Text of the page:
As a GCF Creative Associate Artist, Khadijah works very closely with the Foundation on many projects and helps us continue the legacy of Geraldine, who’s work Khadijah really admired: “She was not only an amazing composer and director, she was an amazing mentor and advisor, especially in the work that I was doing in my early days with Leeds Young Authors. She saw something in me that she would always encourage. It was maybe just a passing word from her, but these were very strong words that made you feel quite focussed…Her legacy, to be part of that legacy, to be working to keep that legacy alive – I feel really proud about that.”
I asked Khadijah what guidance she would give to young creatives who want to pursue a career in the arts. Her advice?
Never stop, always keep going…Keep on progressing. Keep on believing in yourself. The best advisor is yourself. The best motivation comes from self-motivation…I think creativity is a very spiritual thing – it’s given to you through some spiritual realm, that’s what I believe. You cannot force it…My advice is keep on going, keep on believing in yourself, surround yourself with creative people and creative energy that can inspire you, be inspired by other people’s work, be an inspiration to other people, and the rest will come.
Khadijah is a Project Producer on our Heritage Lottery funded performance project, ‘Windrush: an Influential Force on British Culture’. June 2018 marks the 70th anniversary of Windrush. Bringing the first wave of Caribbean migrants to Britain in 1948, this momentous historical event marked the beginning of the mass immigration movement in the UK that resulted in an estimated 172,000 West Indian born people living in the UK by 1961; the ‘Windrush Generation’. To celebrate, we are producing a live presentation that will be performed by both young people and adults from across Leeds on 22nd and 23rd June 2018. I asked Khadijah about her personal connection to this story:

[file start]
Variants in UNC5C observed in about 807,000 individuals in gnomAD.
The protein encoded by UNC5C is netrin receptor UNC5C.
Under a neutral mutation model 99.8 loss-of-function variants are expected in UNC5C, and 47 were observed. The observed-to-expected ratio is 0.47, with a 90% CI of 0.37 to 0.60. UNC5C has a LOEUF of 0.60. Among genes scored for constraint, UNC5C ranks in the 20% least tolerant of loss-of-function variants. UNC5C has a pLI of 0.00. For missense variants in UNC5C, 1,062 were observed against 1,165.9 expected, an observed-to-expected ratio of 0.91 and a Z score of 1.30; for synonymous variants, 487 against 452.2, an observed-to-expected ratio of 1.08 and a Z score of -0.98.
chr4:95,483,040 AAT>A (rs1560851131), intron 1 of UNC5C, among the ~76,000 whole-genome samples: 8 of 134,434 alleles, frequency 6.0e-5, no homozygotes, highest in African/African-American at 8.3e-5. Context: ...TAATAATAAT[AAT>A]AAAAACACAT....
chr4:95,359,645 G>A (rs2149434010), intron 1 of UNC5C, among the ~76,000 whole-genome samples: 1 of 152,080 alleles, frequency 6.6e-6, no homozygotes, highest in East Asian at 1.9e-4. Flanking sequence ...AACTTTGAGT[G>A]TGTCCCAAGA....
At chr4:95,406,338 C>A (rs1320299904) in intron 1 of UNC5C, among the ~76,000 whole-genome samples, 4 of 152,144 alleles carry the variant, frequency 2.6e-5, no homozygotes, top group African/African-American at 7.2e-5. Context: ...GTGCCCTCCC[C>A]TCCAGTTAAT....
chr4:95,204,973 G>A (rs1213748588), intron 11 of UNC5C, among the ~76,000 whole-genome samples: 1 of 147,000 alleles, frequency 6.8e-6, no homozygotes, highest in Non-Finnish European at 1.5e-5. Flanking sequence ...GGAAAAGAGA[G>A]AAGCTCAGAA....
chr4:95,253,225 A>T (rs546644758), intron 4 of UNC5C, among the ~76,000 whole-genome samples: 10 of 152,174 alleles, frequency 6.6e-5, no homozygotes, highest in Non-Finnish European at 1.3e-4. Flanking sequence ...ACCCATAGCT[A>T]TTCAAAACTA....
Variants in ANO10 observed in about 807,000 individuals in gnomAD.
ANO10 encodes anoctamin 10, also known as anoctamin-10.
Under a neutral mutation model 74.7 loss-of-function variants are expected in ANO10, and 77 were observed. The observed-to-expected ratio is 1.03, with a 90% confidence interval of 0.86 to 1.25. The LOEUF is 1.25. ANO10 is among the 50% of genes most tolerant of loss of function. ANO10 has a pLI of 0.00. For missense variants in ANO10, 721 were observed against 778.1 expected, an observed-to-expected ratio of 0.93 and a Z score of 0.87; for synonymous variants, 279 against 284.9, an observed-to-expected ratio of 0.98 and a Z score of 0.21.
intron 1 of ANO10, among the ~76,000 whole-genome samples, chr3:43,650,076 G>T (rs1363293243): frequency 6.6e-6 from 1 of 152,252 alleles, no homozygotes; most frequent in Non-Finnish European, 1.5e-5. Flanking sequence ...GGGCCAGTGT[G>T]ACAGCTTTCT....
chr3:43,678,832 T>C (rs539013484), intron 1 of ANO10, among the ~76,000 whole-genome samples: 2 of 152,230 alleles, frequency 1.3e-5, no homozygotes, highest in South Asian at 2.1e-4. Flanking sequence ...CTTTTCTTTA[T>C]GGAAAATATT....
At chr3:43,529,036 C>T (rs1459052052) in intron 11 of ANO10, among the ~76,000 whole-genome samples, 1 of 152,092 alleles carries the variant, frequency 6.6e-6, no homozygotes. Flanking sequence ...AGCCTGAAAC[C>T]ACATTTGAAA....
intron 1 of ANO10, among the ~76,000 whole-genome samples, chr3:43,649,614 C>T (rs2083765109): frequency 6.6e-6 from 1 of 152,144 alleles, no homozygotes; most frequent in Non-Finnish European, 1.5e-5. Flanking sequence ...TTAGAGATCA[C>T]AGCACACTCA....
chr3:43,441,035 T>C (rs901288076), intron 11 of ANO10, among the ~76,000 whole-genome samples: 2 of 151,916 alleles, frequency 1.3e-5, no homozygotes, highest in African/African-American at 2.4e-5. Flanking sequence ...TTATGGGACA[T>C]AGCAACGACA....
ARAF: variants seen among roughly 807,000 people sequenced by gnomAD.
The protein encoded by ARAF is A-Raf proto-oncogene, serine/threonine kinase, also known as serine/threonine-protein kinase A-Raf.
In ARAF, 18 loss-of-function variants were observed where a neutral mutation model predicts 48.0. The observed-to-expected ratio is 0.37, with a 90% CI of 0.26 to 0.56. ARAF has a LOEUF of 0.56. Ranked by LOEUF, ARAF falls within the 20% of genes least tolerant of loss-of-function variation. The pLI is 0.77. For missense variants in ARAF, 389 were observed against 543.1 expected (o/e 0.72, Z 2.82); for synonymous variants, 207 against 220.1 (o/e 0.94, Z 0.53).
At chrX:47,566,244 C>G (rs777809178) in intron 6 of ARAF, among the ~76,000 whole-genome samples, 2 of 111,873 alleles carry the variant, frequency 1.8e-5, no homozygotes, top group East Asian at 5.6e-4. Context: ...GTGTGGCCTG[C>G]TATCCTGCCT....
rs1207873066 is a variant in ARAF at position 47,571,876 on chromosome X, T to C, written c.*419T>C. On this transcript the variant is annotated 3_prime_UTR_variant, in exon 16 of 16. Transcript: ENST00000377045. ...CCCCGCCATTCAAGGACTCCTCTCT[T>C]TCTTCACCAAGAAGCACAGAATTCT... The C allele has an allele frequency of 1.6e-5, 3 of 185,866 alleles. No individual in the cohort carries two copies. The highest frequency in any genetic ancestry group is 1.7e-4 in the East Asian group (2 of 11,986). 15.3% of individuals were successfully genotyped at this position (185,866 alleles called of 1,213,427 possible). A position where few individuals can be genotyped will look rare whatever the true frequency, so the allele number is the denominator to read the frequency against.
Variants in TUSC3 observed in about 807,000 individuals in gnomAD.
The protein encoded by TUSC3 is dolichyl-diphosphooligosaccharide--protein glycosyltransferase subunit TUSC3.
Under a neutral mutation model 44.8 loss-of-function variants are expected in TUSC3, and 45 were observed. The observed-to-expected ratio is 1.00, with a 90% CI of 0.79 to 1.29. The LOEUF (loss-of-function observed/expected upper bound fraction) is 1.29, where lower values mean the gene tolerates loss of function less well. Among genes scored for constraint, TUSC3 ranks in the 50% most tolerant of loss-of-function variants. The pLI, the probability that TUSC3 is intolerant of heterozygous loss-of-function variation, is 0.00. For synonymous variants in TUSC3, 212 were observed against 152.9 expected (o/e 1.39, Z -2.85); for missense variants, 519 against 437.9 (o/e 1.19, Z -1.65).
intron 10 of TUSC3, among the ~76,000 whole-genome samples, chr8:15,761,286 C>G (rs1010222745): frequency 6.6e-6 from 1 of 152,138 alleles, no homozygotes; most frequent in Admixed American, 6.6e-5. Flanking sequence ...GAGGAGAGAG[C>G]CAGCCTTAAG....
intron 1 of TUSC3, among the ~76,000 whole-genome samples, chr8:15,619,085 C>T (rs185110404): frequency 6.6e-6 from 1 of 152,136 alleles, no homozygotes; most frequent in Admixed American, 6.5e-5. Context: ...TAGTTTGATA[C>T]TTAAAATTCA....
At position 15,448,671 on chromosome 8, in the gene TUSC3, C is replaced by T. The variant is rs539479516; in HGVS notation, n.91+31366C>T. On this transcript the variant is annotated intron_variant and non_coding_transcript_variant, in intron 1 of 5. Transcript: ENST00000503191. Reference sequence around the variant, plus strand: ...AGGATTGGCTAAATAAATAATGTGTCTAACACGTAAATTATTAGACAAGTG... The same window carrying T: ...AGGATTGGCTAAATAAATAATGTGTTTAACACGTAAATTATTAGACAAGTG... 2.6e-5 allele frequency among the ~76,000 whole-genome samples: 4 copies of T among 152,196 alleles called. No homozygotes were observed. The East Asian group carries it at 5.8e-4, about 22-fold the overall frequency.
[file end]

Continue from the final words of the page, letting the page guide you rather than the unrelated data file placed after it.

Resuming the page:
My connection to the story of Windrush is through my Jamaican heritage. First and foremost though my ancestral line, my grandparents who came to England. They were part on the Windrush movement…My grandparents arrived in the 50s and my parents arrived in the early 60s. So they’re part of that Windrush Generation…Everything I have created so far has talked about that migration, that settlement, that sense of longing, because as an African-Caribbean woman born in Britain, there’s always a sense of exploring identity and belonging, and so the Windrush story is my story.
Finally, Khadijah talked me through her ideas for our celebratory Windrush performances in June this year: “The idea is not to just tell the story straightforward because its been told many times, not to say it couldn’t be told like that as its been told before because I’m aware, as much as I know the story, a lot of don’t know the story so its still quite new to them. And it’s quite exciting working with the young people in presenting that story to them and how they visualise that.”
Click here to listen to Khadijah’s interview in full and discover more about her incredible heritage and vision for the Windrush Project. More info on our Windrush performances on 22nd and 23rd June will be released very soon. Make sure you keep your eyes peeled on our website and social media pages!
It’s raining this week in Leeds but last week we had our own early Summer fun bringing Carnival to life with children from all over Leeds.
Our ‘Masqueraders’ (the troupes name for the week) made their own Costumes, ‘Soco’ Danced with true Carnival style and attitude and Beat the SteelPan, all with the help of local experts from the Leeds West Indian Carnival scene.
We’d like to congratulate all our Masquerader’s and thank them for their energy and enthusiasm all week!
We’d also like to thank all of the creative staff who put in some much hard work, as well as our volunteers Taysia and Adeline who gave up their own spring break to give us a hand.